New Voter ID, Unavailable in Seventy Counties in State, Opens With Wealth of Issues Remaining
But per the Press's calculations, there are 70 counties within Texas that do not provide such offices. From Irion and Crockett Counties in Central Texas to La Salle and Duvall Counties in South Texas, TxDPS's website shows that nearly 30 percent of Texas counties do not provide the necessary offices at which residents will have to arrive if they want to pick up an EIC.
A raft of other uncertainties remain. Cesinger said she didn't know how many Texans would apply for the new cards or how many would need them. "There are no projections for either of those," she said.
She also said she was unsure as to how long it would take to receive the EIC following an application, or what kind of outreach programs, if any, her department would use to educate Texans as to the new regulations.
"As far as it coming in mail, I'm not sure exactly on what the timing is," she said. "We're certainly working with the Secretary of State's office to educate the public on this. ... Again, this is pretty fresh."
Alicia Pierce, the Secretary of State's communications director, said her office would be unfurling a media campaign as the November election date moved closer, but that she was unsure what forms of educational outreach it would contain.
"We are always working to makes sure that Texans have all the info they need in order to vote, including now," Pierce told the Press. "You can't underestimate the importance of working with county officials, and they are a central part to getting word out."
They may not need to get the word out, however. US Rep. Marc Veasey (D-Fort Worth), along with a handful of others, filed suit in federal court on Wednesday, challenging the state's new voter ID requirements.
"Just last year, a panel of federal judges in D.C. who were appointed by both Republican and Democratic presidents, unanimously ruled that the Voter Photo ID law was discriminatory," Veasey said in a statement obtained by the Press. "It is absolutely outrageous that just hours after the SCOTUS ruling, Gregg Abbott implemented the Voter ID law, fully knowing that this very law was already ruled as discriminatory against minorities, the poor, and the elderly [sic]. This is only one example of why Section 5 must be preserved and reason enough that I, along with 6 other plaintiffs, filed suit in federal court to prevent any form of voter disenfranchisement."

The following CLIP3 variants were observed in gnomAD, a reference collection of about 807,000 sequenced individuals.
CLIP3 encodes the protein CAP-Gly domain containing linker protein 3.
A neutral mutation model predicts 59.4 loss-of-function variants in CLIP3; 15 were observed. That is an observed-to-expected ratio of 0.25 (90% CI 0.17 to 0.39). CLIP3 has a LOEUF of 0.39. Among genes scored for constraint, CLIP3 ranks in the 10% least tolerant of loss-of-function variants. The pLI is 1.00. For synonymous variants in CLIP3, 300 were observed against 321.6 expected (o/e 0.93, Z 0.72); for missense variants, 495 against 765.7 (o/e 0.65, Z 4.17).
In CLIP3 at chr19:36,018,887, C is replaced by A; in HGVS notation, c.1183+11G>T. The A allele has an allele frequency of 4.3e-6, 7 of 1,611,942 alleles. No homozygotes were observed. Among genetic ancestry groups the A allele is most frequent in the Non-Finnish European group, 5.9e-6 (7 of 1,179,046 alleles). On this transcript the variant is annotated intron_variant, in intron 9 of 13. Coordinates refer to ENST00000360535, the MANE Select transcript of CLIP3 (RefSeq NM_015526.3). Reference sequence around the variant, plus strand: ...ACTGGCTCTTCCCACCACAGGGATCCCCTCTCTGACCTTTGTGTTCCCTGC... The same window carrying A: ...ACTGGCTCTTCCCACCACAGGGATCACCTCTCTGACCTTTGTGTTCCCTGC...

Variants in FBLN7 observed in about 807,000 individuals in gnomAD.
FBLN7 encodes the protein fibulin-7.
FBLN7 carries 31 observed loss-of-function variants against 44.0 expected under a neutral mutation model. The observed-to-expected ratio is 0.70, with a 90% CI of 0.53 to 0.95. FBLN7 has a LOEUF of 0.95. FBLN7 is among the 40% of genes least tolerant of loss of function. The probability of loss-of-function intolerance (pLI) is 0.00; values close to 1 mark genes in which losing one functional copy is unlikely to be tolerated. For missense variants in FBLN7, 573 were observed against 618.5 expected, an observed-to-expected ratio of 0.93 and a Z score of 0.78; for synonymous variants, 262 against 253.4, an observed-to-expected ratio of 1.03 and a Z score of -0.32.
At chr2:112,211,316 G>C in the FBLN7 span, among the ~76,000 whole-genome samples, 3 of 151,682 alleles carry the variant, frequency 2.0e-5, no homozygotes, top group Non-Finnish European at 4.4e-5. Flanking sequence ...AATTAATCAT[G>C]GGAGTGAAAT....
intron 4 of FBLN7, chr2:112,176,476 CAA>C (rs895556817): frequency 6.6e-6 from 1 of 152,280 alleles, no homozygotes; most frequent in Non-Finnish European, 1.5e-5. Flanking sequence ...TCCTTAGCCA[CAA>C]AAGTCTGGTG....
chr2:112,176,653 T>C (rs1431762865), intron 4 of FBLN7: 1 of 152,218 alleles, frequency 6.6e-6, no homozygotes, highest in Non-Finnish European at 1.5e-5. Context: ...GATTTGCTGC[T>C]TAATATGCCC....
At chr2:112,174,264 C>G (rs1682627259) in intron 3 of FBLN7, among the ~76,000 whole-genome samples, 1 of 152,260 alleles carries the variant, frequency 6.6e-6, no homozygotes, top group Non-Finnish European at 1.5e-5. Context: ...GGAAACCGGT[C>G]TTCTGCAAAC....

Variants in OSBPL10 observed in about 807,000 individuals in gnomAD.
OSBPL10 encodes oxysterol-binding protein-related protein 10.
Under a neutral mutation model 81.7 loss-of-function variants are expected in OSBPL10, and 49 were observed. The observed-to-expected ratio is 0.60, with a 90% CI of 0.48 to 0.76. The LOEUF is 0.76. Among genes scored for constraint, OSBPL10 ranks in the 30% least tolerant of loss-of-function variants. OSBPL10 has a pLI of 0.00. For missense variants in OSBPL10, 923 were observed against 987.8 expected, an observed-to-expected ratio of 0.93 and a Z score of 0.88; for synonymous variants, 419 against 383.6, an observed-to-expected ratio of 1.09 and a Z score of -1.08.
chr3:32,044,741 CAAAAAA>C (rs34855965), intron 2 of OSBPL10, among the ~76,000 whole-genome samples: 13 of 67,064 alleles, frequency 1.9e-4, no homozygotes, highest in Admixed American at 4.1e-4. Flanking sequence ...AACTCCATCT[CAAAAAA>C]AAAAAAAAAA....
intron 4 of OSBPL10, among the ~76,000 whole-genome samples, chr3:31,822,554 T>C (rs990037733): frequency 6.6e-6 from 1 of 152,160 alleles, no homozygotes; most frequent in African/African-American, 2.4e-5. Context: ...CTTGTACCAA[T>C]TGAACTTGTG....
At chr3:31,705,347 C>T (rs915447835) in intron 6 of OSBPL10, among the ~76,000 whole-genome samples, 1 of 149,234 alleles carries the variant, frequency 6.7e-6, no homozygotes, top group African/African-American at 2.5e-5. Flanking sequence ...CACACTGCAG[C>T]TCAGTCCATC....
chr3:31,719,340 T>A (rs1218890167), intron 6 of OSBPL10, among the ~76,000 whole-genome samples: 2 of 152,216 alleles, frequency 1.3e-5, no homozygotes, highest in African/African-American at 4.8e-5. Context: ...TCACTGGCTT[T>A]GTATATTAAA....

However the upcoming litigation ends, voter ID within Texas remains as polarizing as it's ever been. While supporters see it as an effective method of combating voter fraud within the state, opponents point not simply to the reasons for which it was initially struck down in federal court, but also cite the demographic shifts the state is projected to see.
"The Supreme Court's decision is a disaster," Gerald Horne, a professor of history and African-American studies at the University of Houston, told the Press. "It's clear that the Republican Party in Texas is intimidated by the changing demographics of the state, with the rising Latino population in particular. ...
"They're engaged in desperate maneuvers because they see the numbers," Horne added. "The hard white right is hunkering down for its Alamo moment. Let's hope that we'll give it to them."